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What makes you think "Ok, that should be a component"?

vtrpldn profile image Vitor Paladini ・1 min read

Whenever we are building web apps, SPAs and whatnot we have the option to turn the just written piece of code in a component.

Considering the pros and cons of doing so, when exactly do you create a component and what rules do you follow?

Discussion

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I agree with most things that Dan said in that talk but I lean more to how Kent C Dodds approaches this issue. They kinda say the same thing but I feel that Kent's point encourages you to think more about the way you abstract things instead of setting a hard rule like DRY or WET.

kentcdodds.com/blog/aha-programming/

 

I usually create components when at least one of the following apply:

  1. I'm implementing a component already described in a style guide
  2. The particular piece of code is complex and might make the current page/section code needlessly confusing
  3. I've already implemented similar logic before, so I wrap both implementations in a single component IF doing so makes the code easier to understand
 

Usually it's the "third" time I write the same stuff, then I will consider making it a component. But it also depends, for instance for a button I just put a .button class to every button, even it got repeated everywhere I don't write it as component if the function is simple.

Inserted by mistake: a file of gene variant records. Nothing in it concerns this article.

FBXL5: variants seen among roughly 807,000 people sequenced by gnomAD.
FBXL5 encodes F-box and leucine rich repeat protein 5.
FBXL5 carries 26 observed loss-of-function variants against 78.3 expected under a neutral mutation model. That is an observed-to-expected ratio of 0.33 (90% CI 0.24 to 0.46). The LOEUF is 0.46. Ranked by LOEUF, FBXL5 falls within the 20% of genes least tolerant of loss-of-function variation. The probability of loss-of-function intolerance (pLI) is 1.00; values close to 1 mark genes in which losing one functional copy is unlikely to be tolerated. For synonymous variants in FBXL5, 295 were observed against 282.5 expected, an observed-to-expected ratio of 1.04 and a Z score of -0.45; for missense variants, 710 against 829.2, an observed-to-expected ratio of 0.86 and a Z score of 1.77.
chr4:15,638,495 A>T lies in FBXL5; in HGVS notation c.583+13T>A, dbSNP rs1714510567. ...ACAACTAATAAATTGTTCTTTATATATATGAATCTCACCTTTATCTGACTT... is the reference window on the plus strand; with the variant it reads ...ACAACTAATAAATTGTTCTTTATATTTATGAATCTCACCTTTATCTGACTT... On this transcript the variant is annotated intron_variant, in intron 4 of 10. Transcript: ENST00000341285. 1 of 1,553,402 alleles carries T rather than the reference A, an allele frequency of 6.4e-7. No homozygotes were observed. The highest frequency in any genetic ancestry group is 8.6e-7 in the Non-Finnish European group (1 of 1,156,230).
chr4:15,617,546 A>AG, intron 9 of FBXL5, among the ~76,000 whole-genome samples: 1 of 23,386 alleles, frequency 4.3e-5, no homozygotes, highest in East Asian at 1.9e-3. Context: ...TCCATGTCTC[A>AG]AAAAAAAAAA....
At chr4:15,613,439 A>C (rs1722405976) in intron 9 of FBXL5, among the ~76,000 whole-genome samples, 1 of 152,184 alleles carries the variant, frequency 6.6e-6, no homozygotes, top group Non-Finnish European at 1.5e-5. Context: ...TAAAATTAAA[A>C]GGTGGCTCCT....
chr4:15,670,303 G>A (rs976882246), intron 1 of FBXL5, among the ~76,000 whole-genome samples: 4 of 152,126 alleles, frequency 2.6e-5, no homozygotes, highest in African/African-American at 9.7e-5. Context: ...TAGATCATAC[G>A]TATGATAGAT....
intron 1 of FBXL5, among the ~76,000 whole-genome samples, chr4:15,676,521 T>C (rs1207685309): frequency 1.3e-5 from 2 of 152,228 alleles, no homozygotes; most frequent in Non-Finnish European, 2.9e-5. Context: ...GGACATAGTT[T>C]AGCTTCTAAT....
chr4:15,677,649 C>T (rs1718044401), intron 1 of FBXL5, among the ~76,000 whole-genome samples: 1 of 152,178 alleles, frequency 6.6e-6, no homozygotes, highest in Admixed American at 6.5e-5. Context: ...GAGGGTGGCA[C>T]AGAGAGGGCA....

I like to split up my components 1:1 with UI elements. Then I'll split beyond that if styles get too big. I call it a more relaxed take on smart and dumb components.

 

That's interesting, can you share a code example?

 

Sure thing. Here is a chat room

chat-room

This is the top level component

const ChatRoom = e(x => {
  useEffect(() => {
    pipe([
      APIClient.findRooms,
      fork([
        x.setRooms,
        pipe([
          get([0, 'id']),
          x.setCurrentRoom,
        ]),
      ]),
    ])()
  }, [])
  return Div({
    style: {
      display: 'grid',
      gridTemplateColumns: '20% auto',
      width: '100%',
    },
  }, [
    ChatRoomSideBar(x),
    Div({
      style: {
        display: 'flex',
        justifyContent: 'center',
      },
    }, [Div({
      style: {
        width: '100%',
      },
    }, [
      ChatRoomDetail(x),
      ChatRoomChat(x),
    ])]),
  ])
})
  • ChatRoomSideBar - sidebar on the left
  • ChatRoomDetail - the top right box with chat room name and users
  • ChatRoomChat - the bottom right chat list with input to send chat

I say it's a more relaxed version of smart and dumb components because ChatRoomChat is a smart component inside another smart component ChatRoom and manages its own high level state with useReducer. The way everything gets laid out ends up becoming somewhat arbitrary in terms of smart and dumb. The real goal is to bring effects and state to where they absolutely need to be. ChatRoomSideBar and ChatRoomDetail are dumb, they only hold elements and styles.

Very interesting, thanks for sharing!

 

If you have to write it twice extract it into component.

This works most for us since we already have lots of style components (polaris)

 

I see. I also follow that rule sometimes but I'm actually pretty comfortable duplicating code if the right abstraction is still not clear to me. I'd much rather have simple, easy to understand duplicated code than an over-engineered component for instance.

 

Yeah, it makes sense. Duplication is better than sloppy abstraction